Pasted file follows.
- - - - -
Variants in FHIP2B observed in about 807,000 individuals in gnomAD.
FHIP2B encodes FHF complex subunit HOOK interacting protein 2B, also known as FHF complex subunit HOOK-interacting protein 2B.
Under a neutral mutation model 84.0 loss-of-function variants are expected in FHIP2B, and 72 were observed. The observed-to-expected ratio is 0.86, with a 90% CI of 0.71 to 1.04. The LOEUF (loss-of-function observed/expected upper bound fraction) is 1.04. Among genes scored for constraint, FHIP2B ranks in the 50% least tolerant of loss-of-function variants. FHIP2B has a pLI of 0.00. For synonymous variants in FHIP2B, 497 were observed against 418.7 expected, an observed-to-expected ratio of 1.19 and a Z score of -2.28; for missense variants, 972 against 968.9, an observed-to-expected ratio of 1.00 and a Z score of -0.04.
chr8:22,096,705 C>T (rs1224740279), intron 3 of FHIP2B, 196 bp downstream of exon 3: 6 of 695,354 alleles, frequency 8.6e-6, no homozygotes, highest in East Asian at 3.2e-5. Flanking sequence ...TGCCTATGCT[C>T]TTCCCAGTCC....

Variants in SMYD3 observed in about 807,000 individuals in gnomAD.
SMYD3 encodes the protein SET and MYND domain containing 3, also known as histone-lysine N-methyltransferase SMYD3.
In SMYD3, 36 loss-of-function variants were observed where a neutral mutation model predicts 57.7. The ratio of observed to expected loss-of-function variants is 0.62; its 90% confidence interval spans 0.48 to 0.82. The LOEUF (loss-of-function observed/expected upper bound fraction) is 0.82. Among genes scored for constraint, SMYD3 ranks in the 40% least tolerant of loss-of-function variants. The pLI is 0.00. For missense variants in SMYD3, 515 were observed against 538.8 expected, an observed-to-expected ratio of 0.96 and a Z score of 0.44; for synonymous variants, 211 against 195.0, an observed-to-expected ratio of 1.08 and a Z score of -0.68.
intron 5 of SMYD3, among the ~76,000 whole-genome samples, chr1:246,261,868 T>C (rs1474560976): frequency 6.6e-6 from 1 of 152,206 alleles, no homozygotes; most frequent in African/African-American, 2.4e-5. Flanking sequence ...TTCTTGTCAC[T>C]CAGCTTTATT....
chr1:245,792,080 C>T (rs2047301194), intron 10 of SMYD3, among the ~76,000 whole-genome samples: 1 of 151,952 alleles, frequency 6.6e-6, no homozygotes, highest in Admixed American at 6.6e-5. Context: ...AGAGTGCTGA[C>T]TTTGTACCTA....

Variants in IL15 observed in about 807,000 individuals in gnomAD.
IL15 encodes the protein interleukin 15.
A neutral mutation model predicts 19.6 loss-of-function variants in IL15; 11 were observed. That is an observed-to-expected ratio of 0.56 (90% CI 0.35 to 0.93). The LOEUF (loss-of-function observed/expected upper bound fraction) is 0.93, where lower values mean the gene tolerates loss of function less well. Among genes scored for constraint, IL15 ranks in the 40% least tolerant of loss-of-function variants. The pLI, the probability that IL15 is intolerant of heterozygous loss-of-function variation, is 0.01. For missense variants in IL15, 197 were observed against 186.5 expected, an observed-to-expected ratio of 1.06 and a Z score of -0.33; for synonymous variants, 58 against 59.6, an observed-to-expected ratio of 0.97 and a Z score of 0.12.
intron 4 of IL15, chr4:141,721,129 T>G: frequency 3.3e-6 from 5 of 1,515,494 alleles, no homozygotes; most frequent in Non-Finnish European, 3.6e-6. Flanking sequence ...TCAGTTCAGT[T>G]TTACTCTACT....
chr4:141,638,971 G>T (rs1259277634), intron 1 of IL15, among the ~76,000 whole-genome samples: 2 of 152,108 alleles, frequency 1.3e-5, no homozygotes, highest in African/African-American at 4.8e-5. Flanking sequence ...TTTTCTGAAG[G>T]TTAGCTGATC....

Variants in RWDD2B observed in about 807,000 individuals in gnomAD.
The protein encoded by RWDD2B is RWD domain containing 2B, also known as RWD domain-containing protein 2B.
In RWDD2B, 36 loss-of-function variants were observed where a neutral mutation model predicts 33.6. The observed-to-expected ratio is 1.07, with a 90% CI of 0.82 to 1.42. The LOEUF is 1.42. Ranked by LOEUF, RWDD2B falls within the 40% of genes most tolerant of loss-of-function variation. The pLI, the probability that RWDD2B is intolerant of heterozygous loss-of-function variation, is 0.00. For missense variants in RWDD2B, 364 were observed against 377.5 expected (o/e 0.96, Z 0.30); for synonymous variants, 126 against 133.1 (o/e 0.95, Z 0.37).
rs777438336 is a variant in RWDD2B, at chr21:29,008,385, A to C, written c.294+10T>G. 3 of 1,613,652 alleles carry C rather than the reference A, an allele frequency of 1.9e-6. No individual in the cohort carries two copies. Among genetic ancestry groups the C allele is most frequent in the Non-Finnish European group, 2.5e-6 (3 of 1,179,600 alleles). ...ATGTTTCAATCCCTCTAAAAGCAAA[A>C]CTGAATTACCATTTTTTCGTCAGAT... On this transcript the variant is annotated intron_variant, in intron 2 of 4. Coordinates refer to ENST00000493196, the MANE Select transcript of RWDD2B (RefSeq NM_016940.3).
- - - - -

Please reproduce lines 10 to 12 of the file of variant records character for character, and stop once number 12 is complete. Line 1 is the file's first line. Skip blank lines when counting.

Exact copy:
Variants in IL15 observed in about 807,000 individuals in gnomAD.
IL15 encodes the protein interleukin 15.
A neutral mutation model predicts 19.6 loss-of-function variants in IL15; 11 were observed. That is an observed-to-expected ratio of 0.56 (90% CI 0.35 to 0.93). The LOEUF (loss-of-function observed/expected upper bound fraction) is 0.93, where lower values mean the gene tolerates loss of function less well. Among genes scored for constraint, IL15 ranks in the 40% least tolerant of loss-of-function variants. The pLI, the probability that IL15 is intolerant of heterozygous loss-of-function variation, is 0.01. For missense variants in IL15, 197 were observed against 186.5 expected, an observed-to-expected ratio of 1.06 and a Z score of -0.33; for synonymous variants, 58 against 59.6, an observed-to-expected ratio of 0.97 and a Z score of 0.12.